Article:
Inaugural lecture by K.J. Meier: “One of the major questions, perhaps the major question, in the field of public administration is how to reconcile the need for bureaucracy with the democratic process. Bureaucracies after all are not seen as democratic institutions and operate based on hierarchy and expertise rather than popular will (see Mosher 1968). I take a distinctly minority view in the field, seeing bureaucracy not so much as a threat to democracy in existing mature democracies but as a necessary precondition for the existence of democracy in modern society (Meier 1997).
Democracy is a system of governance with high transactions costs that seeks democratic ideals of representation, equity, and fairness with only modest, if any, concern for efficiency. Effective bureaucracies are the institutions that produce the outcomes that build public support for democracy and in a sense generate the surplus that allows democratic processes to survive and flourish. Although bureaucracies may have none of the trappings of democracy internally, their role in contributing to democratic governance means that they should also be considered democratic institutions. Scholars, politicians, and citizens need to be concerned about preserving and protecting bureaucracy just as they seek to preserve and protect our official institutions of democracy.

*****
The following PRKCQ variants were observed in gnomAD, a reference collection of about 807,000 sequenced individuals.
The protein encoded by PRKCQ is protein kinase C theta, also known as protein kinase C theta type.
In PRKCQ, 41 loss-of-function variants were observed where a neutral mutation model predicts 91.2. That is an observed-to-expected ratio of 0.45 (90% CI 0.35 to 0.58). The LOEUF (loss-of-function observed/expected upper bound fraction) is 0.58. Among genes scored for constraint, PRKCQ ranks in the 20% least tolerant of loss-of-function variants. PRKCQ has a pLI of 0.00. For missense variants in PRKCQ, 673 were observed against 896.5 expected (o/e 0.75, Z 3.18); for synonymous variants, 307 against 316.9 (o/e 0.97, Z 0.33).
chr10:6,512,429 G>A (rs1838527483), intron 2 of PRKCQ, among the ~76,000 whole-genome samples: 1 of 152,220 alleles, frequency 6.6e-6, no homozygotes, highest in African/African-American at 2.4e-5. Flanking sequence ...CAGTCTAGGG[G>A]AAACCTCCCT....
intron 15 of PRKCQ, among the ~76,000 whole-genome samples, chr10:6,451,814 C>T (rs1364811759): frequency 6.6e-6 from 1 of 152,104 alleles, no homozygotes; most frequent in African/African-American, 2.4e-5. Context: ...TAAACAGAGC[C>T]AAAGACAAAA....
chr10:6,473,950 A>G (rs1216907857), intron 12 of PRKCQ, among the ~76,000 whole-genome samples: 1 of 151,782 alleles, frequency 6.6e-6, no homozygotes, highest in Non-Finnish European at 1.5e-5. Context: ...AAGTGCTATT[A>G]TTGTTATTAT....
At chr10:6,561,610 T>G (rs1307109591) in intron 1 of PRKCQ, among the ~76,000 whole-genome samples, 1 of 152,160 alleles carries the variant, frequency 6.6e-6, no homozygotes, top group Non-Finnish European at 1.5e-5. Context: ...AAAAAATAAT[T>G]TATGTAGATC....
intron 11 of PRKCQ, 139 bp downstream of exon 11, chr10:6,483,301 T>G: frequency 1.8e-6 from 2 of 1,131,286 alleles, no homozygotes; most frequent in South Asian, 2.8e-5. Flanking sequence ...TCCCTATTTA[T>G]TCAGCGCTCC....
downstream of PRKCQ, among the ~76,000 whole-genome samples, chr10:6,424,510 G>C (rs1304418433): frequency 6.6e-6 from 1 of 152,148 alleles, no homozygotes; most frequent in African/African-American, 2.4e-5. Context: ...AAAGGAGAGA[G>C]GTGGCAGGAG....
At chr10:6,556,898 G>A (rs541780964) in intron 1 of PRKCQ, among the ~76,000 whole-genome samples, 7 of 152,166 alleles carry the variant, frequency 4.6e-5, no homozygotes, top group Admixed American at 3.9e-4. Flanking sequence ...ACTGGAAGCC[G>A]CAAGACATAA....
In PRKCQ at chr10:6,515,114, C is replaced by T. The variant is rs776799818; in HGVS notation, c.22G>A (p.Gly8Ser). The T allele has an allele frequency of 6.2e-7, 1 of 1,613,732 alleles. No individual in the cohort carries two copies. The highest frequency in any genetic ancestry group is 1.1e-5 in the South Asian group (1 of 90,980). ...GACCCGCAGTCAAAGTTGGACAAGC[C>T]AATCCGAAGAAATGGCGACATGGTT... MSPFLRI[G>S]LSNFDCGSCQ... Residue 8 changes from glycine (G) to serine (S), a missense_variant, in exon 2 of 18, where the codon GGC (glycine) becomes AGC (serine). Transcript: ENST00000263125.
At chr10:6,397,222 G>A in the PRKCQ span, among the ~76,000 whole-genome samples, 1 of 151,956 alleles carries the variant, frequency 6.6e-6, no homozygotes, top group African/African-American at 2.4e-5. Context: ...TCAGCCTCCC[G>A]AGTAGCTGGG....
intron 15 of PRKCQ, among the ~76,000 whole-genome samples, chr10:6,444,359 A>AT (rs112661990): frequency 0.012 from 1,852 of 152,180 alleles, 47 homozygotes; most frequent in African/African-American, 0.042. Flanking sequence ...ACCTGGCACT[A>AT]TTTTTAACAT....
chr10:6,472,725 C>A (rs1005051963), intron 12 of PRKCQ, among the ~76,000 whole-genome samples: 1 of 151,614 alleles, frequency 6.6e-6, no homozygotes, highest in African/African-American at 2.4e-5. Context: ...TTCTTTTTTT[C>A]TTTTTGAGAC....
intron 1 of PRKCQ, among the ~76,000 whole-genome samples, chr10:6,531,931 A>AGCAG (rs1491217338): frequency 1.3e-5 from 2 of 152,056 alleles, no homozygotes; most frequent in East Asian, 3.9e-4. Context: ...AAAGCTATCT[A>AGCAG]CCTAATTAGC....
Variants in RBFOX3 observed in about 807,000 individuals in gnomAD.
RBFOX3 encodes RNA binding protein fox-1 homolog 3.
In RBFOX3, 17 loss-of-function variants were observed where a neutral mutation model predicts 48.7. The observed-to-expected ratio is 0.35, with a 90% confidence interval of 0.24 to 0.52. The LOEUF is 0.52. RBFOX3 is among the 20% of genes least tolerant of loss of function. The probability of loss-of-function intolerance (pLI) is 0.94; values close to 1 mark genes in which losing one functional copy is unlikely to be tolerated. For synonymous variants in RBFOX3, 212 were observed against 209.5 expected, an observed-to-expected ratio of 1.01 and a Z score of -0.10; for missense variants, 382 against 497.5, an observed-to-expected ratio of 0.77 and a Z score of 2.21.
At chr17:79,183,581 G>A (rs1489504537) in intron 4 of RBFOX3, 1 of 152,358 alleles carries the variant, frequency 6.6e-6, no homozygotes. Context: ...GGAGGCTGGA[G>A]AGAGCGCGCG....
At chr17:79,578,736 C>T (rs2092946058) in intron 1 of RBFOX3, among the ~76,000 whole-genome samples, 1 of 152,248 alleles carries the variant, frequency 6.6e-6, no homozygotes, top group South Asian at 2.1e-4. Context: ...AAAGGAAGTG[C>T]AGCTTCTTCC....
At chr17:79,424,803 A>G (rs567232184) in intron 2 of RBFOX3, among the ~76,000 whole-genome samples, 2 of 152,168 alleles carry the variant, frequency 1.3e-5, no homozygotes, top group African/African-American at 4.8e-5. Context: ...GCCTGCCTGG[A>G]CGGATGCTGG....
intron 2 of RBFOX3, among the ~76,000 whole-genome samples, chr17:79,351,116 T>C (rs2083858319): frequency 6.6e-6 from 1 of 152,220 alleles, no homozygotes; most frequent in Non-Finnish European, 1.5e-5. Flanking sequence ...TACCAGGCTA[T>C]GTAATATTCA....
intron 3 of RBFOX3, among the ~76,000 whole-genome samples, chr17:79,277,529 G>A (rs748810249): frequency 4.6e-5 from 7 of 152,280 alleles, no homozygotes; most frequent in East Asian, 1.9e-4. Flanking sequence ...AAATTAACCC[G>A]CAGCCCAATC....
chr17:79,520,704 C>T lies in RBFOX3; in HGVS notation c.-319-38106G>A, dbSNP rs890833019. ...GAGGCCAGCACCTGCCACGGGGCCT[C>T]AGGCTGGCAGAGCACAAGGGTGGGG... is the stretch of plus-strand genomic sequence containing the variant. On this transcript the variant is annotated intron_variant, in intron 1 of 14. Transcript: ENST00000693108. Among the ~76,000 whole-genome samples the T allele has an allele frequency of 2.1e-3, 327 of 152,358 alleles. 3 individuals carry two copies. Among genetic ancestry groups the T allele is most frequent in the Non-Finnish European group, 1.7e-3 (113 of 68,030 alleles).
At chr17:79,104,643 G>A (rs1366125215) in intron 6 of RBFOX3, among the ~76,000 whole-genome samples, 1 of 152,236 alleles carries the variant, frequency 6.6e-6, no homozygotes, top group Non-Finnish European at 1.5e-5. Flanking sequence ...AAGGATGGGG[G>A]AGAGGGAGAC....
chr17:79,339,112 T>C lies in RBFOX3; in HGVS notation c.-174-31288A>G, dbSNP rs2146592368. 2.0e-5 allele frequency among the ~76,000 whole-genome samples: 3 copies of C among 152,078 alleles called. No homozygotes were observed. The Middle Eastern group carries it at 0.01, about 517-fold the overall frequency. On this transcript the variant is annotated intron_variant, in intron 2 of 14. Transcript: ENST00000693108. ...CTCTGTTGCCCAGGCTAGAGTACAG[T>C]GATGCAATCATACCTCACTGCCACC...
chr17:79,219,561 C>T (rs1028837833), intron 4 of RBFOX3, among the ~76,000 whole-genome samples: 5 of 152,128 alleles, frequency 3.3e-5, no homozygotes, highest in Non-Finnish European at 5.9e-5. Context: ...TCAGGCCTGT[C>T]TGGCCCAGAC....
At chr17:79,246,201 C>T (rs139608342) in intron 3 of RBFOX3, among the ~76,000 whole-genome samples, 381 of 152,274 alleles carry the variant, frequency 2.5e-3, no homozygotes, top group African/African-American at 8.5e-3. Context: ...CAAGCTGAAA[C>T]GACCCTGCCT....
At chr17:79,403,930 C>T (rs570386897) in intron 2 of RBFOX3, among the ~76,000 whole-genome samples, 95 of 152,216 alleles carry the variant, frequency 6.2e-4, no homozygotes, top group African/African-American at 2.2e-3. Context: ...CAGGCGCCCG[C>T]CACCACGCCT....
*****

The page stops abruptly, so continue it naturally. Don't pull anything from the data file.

Within the general theme of bureaucracy and democracy, this lecture will address two major concerns – (1) the failure of politics which severs the crucial link between voters and elected officials and poses major challenges to bureaucrats seeking to administer effective programs, and (2) the subsequent need for bureaucracy to also become an institution that represents the public. Within this concern about bureaucratic representation, the lecture will address how bureaucracies can assess the needs of citizens, and more narrowly how representative bureaucracy can be and is instrumental to the bureaucracy, and finally the limits of symbolic representation within bureaucracies….(More)”.